Figure 1. Kernel density distribution for the cost efficiency distribution. Notes: CEuser, CEnon_user, CEpooled and CEpsm represent cost efficiency distribution for users, non-users, pooled unmatched sample and for the pooled matched sample respectively.
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Table 1. Descriptive statistics of households.
Table 1. Descriptive statistics of households.
VariableDescriptionPooled Sample
(201)
MP Non-User
(159)
MP User
(42)
Maize PriceAverage price of 50kg bag of maize in Zambia kwacha (ZMK)60.67(0.148)60.57 (0.126)61.07 (0.526)
CulandSize of farm land for maize cultivation (hectares)1.75 (0.094)1.83 (0.110)1.45 * (0.167)
MarketDistance to nearest output market (kilometers)8.50 (0.261)9.03 (0.284)6.47 *** (0.531)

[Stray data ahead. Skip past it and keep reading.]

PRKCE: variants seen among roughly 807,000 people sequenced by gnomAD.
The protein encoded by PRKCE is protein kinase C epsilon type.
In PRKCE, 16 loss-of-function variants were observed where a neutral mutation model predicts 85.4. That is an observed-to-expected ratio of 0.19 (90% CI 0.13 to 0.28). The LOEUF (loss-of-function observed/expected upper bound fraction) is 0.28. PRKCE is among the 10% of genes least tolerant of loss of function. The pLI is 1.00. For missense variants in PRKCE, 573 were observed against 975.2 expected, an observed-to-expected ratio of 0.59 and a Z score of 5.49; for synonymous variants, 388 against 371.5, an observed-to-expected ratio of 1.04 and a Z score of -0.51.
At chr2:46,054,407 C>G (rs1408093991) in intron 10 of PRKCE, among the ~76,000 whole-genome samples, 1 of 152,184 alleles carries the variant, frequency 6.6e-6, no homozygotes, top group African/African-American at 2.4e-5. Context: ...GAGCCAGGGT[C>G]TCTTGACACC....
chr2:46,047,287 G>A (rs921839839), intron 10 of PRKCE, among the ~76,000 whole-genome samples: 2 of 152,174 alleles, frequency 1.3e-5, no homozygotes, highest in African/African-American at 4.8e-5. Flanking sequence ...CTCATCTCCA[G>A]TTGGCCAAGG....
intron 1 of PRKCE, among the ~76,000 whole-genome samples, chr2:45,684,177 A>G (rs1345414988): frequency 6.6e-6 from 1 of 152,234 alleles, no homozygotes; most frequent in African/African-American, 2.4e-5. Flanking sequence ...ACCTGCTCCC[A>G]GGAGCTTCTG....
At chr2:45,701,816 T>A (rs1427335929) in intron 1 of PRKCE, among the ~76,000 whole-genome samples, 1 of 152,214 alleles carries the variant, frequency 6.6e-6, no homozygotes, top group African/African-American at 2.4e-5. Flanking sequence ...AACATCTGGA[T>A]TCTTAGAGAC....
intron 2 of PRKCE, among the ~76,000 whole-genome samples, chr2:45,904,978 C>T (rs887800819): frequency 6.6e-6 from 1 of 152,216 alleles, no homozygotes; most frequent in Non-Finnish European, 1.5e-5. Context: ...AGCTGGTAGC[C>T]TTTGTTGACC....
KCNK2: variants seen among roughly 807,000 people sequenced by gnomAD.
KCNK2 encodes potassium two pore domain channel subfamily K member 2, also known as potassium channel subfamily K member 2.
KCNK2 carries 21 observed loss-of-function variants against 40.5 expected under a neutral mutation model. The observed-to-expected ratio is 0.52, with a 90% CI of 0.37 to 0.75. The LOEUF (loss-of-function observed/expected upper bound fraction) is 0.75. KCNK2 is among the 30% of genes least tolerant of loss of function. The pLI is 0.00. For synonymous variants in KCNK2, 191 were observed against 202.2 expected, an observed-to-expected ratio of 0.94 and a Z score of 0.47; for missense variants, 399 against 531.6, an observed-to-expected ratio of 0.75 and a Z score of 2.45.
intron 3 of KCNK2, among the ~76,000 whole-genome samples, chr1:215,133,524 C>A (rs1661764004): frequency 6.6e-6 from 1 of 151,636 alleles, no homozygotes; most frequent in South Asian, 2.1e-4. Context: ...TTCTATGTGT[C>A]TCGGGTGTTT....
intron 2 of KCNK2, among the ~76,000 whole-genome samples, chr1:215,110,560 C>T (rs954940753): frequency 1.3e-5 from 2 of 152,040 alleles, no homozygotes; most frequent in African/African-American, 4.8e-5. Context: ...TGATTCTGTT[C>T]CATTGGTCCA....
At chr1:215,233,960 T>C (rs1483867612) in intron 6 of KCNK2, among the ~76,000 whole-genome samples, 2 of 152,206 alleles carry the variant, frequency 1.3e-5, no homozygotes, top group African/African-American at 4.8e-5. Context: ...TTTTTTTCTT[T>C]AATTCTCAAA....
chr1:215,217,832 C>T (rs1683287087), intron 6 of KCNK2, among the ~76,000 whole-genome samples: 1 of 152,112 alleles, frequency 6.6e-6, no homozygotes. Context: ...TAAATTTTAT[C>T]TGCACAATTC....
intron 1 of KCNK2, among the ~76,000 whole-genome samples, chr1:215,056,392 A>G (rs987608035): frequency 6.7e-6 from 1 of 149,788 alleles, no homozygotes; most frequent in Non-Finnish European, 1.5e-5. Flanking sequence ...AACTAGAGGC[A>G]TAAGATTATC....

FarmexpFarming experience of household head (years)21.71 (0.872)22.67 (1.01)18.07 ** (1.53)
Family sizenumber of people in a household6.14 (0.234)6.09 (0.265)6.31 (0.505)
EducationHousehold head has attended basic education (1 = yes)0.69 (0.033)0.81 (0.031)0.26 *** (0.068)
Marital StatusHousehold head is married (1 = married)0.77 (0.030)0.79 (0.032)0.69 (0.072)
Spouse EduHousehold head’s spouse attended basic education (1 = yes)0.52 (0.035)0.48 (0.040)0.69 ** (0.072)
CooperativeHousehold is a member of a cooperative (1 = yes)0.93 (0.018)0.97 (0.014)0.79 *** (0.064)
Power AccessHouseholds with access to power (1 = yes)0.29 (0.032)0.30 (0.037)0.26 (0.069)
GenderGender of household head (1 = male)0.86 (0.025)0.86 (0.027)0.83 (0.058)
MPownershipOwning a mobile phone (1 = owns)0.54 (0.04)0.42 (0.04)0.98 *** (0.02)
MPuse ratingPerception on MP use (categorical variable)2.18 (0.09)1.84 (0.08)3.5 *** (0.16)